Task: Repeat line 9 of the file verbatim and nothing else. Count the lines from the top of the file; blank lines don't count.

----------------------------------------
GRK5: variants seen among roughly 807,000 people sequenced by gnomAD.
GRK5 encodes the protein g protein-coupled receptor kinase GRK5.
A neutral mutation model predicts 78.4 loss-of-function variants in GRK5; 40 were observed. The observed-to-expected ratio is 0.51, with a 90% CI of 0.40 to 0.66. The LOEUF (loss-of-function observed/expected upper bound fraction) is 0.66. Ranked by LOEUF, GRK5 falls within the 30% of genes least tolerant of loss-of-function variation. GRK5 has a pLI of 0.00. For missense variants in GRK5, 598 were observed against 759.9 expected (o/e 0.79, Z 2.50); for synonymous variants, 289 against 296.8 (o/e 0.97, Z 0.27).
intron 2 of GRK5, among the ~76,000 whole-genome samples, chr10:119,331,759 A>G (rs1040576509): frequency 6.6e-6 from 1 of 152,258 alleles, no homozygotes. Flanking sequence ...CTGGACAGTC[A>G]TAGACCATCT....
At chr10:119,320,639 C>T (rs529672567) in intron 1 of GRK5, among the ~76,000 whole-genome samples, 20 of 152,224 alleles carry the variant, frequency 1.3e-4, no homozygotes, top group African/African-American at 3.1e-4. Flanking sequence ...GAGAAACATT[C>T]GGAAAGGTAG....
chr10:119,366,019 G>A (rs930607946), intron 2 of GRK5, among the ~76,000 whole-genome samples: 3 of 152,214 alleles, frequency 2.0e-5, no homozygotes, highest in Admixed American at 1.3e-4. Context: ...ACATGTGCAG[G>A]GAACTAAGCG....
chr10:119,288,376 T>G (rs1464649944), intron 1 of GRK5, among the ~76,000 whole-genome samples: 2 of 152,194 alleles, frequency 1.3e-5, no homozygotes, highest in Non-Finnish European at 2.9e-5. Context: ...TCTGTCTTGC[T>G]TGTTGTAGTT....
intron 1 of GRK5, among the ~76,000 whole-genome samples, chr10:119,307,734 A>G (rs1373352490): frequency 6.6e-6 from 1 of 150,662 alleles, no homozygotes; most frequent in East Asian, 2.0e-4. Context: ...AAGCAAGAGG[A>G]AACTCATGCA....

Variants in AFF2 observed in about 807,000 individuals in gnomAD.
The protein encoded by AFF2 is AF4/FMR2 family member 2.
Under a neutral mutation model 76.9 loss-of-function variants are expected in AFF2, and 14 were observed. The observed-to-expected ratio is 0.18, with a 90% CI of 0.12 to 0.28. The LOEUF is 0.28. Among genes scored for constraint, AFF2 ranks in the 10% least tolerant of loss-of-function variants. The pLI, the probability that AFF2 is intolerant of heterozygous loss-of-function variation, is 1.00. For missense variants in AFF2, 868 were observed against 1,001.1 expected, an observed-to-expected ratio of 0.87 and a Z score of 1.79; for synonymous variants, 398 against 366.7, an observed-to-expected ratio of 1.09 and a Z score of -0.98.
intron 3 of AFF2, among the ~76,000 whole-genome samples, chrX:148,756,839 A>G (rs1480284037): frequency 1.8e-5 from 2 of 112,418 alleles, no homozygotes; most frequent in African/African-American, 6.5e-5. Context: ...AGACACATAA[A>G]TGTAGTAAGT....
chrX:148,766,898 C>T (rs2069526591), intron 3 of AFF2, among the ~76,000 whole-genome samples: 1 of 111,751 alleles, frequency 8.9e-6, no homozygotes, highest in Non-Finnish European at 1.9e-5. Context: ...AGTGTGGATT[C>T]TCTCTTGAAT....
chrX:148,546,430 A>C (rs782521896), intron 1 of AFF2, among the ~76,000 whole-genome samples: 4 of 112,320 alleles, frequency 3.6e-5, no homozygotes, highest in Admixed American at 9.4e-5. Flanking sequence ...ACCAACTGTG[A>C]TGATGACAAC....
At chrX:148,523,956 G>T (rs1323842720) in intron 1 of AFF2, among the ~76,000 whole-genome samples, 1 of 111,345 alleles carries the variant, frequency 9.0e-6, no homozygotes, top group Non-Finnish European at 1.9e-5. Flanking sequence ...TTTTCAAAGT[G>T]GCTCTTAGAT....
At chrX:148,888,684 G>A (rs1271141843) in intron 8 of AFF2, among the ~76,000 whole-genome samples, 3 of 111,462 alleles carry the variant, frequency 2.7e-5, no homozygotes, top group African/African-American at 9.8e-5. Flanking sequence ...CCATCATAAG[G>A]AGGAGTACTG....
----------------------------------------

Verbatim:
Variants in AFF2 observed in about 807,000 individuals in gnomAD.